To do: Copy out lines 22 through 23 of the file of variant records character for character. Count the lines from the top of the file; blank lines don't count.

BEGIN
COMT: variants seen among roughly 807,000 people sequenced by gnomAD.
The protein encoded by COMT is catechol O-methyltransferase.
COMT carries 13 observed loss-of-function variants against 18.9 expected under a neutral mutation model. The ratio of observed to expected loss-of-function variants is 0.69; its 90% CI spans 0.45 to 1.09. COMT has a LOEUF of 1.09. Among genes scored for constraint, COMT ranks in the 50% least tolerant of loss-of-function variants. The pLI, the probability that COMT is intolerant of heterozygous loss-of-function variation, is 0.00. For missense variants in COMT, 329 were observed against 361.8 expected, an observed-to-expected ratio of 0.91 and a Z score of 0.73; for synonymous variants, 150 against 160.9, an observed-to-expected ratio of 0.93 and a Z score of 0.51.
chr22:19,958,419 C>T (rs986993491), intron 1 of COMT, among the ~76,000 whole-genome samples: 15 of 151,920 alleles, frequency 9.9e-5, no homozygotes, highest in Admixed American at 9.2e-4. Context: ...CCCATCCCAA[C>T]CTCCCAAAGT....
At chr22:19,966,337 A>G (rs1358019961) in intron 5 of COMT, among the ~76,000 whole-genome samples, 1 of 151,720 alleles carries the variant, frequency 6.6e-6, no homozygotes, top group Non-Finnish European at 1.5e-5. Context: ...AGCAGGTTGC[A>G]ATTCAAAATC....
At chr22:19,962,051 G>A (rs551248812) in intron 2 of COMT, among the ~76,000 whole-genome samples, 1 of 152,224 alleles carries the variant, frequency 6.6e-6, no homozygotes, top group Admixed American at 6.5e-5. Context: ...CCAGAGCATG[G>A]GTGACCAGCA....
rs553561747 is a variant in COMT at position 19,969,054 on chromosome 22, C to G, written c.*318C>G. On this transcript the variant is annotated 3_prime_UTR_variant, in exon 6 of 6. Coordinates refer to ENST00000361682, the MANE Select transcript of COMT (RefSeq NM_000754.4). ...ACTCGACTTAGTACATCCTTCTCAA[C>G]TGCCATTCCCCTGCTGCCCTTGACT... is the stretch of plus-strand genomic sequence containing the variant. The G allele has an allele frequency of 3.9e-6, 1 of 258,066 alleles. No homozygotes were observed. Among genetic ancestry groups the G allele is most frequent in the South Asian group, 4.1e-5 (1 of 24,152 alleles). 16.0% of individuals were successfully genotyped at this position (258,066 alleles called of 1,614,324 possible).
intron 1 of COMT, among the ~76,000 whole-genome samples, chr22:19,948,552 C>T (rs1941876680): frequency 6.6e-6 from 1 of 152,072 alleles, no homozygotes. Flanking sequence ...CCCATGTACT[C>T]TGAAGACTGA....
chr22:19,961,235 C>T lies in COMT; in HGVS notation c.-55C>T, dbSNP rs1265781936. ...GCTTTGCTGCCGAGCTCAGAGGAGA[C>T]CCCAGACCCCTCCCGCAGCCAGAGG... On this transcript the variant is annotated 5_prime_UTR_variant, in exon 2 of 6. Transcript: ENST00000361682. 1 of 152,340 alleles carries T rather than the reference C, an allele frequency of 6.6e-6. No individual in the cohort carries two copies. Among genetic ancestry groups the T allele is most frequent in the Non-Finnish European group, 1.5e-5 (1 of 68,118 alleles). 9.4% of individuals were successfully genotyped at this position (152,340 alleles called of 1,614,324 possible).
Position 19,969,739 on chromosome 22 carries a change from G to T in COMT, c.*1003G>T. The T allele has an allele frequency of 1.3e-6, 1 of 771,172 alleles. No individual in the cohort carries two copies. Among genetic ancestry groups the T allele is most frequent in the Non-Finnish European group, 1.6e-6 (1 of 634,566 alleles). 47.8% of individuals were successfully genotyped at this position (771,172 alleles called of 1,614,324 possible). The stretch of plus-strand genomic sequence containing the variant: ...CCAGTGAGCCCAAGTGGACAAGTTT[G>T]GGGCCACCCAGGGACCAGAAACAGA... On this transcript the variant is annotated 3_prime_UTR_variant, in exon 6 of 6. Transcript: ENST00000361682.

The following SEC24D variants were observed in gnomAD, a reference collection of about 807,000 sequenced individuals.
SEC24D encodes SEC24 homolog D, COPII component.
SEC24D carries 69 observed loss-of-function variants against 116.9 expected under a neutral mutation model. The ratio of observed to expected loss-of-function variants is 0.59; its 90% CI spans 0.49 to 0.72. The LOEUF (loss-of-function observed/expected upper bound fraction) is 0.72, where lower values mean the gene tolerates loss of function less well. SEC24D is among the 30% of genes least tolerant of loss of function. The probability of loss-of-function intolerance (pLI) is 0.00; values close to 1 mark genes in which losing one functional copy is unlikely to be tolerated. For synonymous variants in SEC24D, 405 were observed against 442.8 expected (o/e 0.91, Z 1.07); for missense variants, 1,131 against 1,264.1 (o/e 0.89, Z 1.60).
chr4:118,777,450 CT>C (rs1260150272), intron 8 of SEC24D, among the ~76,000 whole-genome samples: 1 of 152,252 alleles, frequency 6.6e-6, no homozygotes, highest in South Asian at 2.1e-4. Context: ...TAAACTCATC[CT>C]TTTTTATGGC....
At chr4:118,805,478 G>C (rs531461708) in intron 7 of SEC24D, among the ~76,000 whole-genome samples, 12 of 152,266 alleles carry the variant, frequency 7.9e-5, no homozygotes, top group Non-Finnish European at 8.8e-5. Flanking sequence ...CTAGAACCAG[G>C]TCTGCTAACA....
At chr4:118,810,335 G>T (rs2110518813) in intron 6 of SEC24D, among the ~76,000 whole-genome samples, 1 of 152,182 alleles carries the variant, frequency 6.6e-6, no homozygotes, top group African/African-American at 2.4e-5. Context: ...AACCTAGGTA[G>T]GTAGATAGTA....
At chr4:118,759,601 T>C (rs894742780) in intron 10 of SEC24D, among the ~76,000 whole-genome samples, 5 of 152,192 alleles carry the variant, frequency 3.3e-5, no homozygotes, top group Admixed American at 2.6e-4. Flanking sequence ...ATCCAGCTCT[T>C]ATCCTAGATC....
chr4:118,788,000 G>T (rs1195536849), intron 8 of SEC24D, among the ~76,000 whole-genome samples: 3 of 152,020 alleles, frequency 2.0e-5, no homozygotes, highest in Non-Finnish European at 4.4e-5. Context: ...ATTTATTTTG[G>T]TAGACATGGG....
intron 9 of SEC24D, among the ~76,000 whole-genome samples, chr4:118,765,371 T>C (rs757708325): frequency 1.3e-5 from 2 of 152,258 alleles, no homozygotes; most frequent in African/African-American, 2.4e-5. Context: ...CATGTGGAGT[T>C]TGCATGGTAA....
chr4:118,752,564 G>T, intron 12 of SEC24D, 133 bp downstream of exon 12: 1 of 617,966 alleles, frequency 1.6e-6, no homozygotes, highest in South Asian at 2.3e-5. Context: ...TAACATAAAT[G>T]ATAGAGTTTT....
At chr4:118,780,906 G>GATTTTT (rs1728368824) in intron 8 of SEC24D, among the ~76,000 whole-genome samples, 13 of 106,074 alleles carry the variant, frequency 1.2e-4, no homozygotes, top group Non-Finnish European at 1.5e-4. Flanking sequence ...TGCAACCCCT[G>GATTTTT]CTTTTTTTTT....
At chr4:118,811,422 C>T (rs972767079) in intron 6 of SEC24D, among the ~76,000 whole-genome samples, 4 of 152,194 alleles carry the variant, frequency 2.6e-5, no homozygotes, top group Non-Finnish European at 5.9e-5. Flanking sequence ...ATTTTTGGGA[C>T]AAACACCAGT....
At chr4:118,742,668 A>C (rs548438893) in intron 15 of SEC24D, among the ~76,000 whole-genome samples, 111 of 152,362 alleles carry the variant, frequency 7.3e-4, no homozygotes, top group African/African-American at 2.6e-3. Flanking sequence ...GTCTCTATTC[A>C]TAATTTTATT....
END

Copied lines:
At chr4:118,811,422 C>T (rs972767079) in intron 6 of SEC24D, among the ~76,000 whole-genome samples, 4 of 152,194 alleles carry the variant, frequency 2.6e-5, no homozygotes, top group Non-Finnish European at 5.9e-5. Flanking sequence ...ATTTTTGGGA[C>T]AAACACCAGT....
At chr4:118,742,668 A>C (rs548438893) in intron 15 of SEC24D, among the ~76,000 whole-genome samples, 111 of 152,362 alleles carry the variant, frequency 7.3e-4, no homozygotes, top group African/African-American at 2.6e-3. Flanking sequence ...GTCTCTATTC[A>C]TAATTTTATT....